South Carolina Auto Accident Attorney at Matthews and Megna LLC Comments on State Law Banning Texting While Driving in South Carolina

South Carolina texting while driving lawyer Ben Matthews of Matthews and Megna LLC says drivers who break the law and cause accidents will be held accountable.

  • Share on TwitterShare on FacebookShare on Google+Share on LinkedInEmail a friend
Our law firm has been saying for years that texting while driving needs to be outlawed in South Carolina. Study after study has shown that drivers simply can’t concentrate on the road while they’re reading or writing a text message.

Columbia, SC (PRWEB) July 13, 2014

South Carolina’s new statewide ban on texting while driving will likely lead to fewer car accidents with fatalities and serious injuries, according to South Carolina personal injury attorney Ben Matthews of Matthews and Megna LLC.

Matthews expressed his comments in response to an article published by WLOS ABC 13 about the new South Carolina law banning texting while driving statewide. (WLOS ABC 13, “SC Texting While Driving Ban,” June 11, 2014)

“This is great news for everyone who uses our roads in South Carolina,” Matthews said. “Texting while driving has become one of the leading causes of car accidents in South Carolina and around the country. That’s why it’s a relief that state lawmakers have finally enacted a law outlawing texting while driving in South Carolina. Far too many people are seriously injured or worse in auto accidents caused by texting drivers in South Carolina. We know because our law firm handles many cases involving innocent injury victims. And hopefully, this new law will help put a stop to such horrific car accidents in South Carolina.”

The new law went into effect June 9 and supersedes more than 20 city and county ordinances banning texting while driving, according to WLOS ABC 13. As a result, the same ban on texting while driving applies to all drivers in South Carolina.

Under the new law, texting drivers in South Carolina will be fined at least $25 for a single infraction, according to the Charleston City Paper’s article about the new statewide law. (Charleston City Paper, “Under new S.C. texting ban, penalties lessened in Charleston and Mt. Pleasant,” June 11, 2014) The maximum fine for texting while driving in South Carolina is $50 under the new law, according to The State.

Including South Carolina, 44 states now ban texting while driving statewide, according to the Governors Highway Safety Association (GHSA), which monitors distracted driving laws nationwide. The GHSA’s statistics are updated monthly. Currently, the only states that do not have a statewide texting while driving ban are Arizona, Mississippi, Missouri, Montana, Oklahoma and Texas, according to the GHSA.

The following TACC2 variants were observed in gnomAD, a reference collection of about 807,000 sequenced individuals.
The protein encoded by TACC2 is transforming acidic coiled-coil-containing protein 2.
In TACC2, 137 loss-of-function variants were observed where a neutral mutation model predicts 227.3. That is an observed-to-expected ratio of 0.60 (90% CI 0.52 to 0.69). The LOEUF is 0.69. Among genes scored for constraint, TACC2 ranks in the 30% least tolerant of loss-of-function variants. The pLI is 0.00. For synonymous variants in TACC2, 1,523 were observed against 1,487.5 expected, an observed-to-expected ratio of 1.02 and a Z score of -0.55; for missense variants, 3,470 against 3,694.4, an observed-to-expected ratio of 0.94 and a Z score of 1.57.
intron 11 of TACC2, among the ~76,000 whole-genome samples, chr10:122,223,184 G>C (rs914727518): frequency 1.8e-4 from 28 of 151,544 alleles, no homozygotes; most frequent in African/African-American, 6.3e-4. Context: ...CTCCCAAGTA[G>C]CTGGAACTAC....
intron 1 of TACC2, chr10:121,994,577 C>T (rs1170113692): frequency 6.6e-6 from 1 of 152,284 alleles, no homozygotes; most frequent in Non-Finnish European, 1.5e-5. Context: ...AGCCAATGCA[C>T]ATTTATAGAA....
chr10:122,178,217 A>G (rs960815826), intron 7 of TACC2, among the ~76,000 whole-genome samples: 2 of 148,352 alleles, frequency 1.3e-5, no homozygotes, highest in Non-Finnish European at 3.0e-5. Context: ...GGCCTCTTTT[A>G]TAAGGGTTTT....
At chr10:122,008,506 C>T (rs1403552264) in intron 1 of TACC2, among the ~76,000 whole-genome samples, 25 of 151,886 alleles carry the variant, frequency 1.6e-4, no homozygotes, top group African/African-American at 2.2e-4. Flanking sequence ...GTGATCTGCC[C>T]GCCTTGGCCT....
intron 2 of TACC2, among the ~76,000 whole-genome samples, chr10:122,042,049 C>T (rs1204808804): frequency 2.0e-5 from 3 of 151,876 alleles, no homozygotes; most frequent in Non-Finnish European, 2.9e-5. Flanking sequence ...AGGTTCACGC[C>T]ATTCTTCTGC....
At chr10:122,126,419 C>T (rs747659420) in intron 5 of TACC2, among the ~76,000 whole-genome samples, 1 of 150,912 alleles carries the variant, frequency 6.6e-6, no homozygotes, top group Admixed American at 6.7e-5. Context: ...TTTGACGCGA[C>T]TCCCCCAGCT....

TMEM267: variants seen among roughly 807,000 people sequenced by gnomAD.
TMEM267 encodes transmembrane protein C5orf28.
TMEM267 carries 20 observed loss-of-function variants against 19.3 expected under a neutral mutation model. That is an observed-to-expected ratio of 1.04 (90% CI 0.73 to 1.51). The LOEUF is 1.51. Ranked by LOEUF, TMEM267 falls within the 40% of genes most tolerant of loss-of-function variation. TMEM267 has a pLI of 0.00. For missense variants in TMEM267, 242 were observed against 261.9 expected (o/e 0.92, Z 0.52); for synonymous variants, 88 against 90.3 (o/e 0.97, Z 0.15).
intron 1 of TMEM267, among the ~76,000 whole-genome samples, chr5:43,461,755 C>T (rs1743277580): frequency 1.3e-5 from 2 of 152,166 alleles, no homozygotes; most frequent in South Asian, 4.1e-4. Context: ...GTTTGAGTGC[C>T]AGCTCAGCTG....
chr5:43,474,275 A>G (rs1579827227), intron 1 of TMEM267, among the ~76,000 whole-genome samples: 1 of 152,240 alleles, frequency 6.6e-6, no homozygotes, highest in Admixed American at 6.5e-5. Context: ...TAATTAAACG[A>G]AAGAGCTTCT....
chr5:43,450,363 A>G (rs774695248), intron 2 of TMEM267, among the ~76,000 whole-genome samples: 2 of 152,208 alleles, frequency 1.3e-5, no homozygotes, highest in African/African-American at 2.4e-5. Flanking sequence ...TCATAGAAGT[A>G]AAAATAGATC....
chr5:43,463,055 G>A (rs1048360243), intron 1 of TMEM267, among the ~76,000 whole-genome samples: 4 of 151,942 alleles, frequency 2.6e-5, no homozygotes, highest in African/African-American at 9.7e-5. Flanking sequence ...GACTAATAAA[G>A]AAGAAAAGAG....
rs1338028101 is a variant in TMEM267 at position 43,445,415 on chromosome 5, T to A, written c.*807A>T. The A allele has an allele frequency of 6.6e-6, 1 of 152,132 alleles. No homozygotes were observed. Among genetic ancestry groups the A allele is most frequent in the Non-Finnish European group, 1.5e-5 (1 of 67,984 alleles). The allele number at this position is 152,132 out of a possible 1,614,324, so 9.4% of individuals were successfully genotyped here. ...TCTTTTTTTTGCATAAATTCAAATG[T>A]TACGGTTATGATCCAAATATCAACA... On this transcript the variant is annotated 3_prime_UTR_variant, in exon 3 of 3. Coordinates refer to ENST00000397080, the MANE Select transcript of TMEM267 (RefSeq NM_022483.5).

South Carolina’s law is long overdue, according to South Carolina texting while driving accident attorney Matthews.

“Our law firm has been saying for years that texting while driving needs to be outlawed in South Carolina,” Matthews said. “Study after study has shown that drivers simply can’t concentrate on the road while they’re reading or writing a text message. Hopefully, drivers will get the message now and put down their phones while they’re on the road. If they don’t and they cause an accident, they will be held accountable. Individuals who are injured and families who lost loved ones because of negligent drivers should seek the advice of legal counsel.”

For more information about texting while driving accidents in South Carolina and the legal options available to injury victims, call (803) 799-1700 or complete the online contact form.

About Matthews and Megna LLC

Serving the Columbia, Florence, Darlington and all of South Carolina since 1985, attorneys Ben Matthews and Tony R. Megna have handled thousands of cases and won major settlements for clients, whether settling out of court or going to trial. Matthews & Megna’s areas of practice include bankruptcy law, auto accidents and workers’ compensation cases. They also handle truck accidents, motorcycle accidents, golf cart accidents and moped accidents. The law firm handles personal injury cases on a contingency fee basis. As a result, clients only pay for legal services if they win.

Along with an office in Darlington, the law firm’s main office is located at 3400 West Ave, Columbia, SC 29203. To schedule a free case evaluation or for more information, call or visit the law firm’s website at http://www.matthewsandmegna.com.


Contact